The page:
Handle command-line arguments with PyQt6/PySide6
Allow users to customize your application at launch

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Sometimes you want to be able to pass command line arguments to your GUI applications. For example, you may want to be able to pass files which the application should open, or change the initial startup state.

In that case it can be helpful to be able to pass custom command-line arguments to your application. Qt supports this using the QCommandLineOption and QCommandLineParser classes, the first defining optional parameters to be identified from the command line, and the latter to actually perform the parsing.

In this short tutorial we'll create a small demo application which accepts arguments on the command line.

Building the Parser

We'll start by creating an outline of our application. As usual we create a QApplication instance, however, we won't initially create any windows. Instead, we construct our command-line parser function, which accepts our app instance and uses QCommandLineParser to parse the command line arguments.

python
import sys

from PyQt6.QtWidgets import QApplication
from PyQt6.QtCore import QCommandLineOption, QCommandLineParser

def parse(app):
    """Parse the arguments and options of the given app object."""

    parser = QCommandLineParser()

    parser.addHelpOption()
    parser.addVersionOption()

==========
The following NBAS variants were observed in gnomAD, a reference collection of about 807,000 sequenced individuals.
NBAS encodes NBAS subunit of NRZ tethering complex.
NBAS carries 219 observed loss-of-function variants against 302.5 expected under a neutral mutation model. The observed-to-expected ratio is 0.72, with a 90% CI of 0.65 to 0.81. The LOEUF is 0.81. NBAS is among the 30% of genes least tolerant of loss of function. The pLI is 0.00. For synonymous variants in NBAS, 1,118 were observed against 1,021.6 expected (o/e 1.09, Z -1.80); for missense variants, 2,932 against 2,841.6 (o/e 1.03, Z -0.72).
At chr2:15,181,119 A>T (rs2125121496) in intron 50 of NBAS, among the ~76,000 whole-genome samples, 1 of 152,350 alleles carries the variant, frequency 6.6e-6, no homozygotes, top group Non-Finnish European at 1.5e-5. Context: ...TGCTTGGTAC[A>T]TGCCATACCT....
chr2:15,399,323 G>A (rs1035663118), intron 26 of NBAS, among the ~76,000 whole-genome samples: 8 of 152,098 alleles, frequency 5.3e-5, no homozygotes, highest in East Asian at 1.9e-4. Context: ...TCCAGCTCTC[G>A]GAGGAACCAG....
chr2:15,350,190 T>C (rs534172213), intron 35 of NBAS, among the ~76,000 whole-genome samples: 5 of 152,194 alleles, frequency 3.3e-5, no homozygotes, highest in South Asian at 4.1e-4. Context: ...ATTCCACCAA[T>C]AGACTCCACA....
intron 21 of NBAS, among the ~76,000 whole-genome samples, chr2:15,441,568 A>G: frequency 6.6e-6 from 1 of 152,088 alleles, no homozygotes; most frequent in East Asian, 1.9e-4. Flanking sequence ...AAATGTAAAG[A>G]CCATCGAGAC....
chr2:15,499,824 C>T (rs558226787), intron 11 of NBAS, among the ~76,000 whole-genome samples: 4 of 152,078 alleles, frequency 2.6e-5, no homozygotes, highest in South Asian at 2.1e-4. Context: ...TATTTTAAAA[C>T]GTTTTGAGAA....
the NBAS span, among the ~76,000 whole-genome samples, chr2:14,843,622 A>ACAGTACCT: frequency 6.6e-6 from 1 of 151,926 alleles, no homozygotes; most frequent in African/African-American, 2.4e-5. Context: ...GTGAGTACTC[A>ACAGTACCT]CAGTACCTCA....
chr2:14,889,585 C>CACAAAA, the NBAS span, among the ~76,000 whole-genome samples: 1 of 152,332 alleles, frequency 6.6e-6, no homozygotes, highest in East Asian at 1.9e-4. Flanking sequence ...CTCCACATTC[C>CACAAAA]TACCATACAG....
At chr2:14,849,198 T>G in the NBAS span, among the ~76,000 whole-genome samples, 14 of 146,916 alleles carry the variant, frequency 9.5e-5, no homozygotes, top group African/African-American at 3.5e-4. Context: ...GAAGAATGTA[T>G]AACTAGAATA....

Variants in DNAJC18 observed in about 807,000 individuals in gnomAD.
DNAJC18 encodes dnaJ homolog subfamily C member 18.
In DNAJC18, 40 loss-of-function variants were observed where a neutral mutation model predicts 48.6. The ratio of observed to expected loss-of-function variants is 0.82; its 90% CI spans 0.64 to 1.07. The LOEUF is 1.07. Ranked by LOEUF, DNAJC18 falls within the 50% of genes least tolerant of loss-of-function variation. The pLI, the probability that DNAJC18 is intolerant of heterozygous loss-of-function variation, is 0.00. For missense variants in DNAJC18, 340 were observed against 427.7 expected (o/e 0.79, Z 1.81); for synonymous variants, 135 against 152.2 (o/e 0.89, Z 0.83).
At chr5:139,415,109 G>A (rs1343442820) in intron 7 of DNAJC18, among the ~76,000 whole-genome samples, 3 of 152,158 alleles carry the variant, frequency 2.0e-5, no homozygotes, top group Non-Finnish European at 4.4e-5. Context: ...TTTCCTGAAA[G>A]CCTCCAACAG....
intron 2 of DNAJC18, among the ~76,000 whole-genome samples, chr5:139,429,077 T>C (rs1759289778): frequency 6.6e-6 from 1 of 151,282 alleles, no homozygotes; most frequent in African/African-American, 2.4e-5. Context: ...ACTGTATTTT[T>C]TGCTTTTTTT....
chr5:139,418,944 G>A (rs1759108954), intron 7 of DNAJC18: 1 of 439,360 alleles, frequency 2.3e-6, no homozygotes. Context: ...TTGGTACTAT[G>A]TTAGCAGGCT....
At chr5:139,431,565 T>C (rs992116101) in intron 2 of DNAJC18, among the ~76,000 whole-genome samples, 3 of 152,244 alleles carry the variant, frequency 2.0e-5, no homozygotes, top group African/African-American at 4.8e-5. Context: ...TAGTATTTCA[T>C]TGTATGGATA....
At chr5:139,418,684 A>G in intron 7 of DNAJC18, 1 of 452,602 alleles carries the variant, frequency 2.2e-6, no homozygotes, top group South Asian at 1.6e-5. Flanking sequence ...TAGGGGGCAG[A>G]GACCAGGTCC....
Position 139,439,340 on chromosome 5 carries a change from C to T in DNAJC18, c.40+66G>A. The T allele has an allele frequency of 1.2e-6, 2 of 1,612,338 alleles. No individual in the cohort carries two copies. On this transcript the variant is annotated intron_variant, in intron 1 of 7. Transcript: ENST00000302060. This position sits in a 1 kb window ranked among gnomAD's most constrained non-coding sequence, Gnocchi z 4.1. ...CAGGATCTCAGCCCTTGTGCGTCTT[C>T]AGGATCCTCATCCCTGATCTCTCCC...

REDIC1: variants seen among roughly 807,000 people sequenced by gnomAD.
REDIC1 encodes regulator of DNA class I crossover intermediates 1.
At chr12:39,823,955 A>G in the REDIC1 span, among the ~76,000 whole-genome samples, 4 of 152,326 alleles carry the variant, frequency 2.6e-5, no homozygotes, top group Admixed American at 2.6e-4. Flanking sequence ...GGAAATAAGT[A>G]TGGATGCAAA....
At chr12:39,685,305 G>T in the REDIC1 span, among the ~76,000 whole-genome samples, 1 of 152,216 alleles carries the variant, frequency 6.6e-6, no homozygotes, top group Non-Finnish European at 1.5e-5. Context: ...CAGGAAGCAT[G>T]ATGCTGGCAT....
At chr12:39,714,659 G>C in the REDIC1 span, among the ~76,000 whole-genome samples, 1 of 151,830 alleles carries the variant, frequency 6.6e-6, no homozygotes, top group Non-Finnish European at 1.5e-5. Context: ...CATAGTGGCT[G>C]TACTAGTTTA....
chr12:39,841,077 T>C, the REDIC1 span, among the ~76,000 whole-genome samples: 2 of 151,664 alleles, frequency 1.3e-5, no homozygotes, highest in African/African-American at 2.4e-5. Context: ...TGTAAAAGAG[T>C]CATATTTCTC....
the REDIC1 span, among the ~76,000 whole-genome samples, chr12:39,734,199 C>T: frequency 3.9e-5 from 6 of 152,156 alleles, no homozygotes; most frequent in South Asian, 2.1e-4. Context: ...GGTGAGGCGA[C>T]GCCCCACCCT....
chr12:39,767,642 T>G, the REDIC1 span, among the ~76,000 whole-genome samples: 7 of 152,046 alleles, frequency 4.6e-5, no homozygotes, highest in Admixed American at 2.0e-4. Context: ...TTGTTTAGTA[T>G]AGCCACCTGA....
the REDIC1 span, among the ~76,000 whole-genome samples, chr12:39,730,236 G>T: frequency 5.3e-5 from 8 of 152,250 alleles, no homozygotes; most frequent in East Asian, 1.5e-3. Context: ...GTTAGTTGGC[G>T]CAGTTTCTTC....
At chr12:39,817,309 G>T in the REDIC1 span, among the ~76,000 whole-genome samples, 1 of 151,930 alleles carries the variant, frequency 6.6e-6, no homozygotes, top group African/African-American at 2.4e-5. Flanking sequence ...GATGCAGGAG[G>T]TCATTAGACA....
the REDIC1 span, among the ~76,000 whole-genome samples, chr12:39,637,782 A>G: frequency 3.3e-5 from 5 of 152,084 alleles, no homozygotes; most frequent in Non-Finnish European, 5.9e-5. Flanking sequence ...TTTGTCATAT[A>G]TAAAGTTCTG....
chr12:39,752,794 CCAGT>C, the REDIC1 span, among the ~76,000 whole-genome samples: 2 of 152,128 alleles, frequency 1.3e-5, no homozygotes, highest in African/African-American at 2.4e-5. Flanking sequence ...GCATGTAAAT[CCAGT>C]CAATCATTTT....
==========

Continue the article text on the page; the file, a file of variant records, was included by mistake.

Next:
parser.process(app)


app = QApplication(sys.argv)
app.setApplicationName("My Application")
app.setApplicationVersion("1.0")

parse(app)
python
import sys

from PySide6.QtWidgets import QApplication
from PySide6.QtCore import QCommandLineOption, QCommandLineParser

def parse(app):
    """Parse the arguments and options of the given app object."""

    parser = QCommandLineParser()

    parser.addHelpOption()
    parser.addVersionOption()

    parser.process(app)


app = QApplication(sys.argv)
app.setApplicationName("My Application")
app.setApplicationVersion("1.0")

parse(app)

We don't call app.exec() yet, to start the event loop. That's because we don't have any windows, so there would be no way to exit the app once it is started! We'll create the windows in a later step.

It is important to note that you must pass sys.argv to QApplication for the command line parser to work -- the parser processes the arguments from app. If you don't pass the arguments, there won't be anything to process.

With this outline structure in place we can move on to creating our command line options.

Adding Optional Parameters

We'll add two optional parameters -- the first to allow users to toggle the window start up as maximized, and the second to pass a Qt style to use for drawing the window.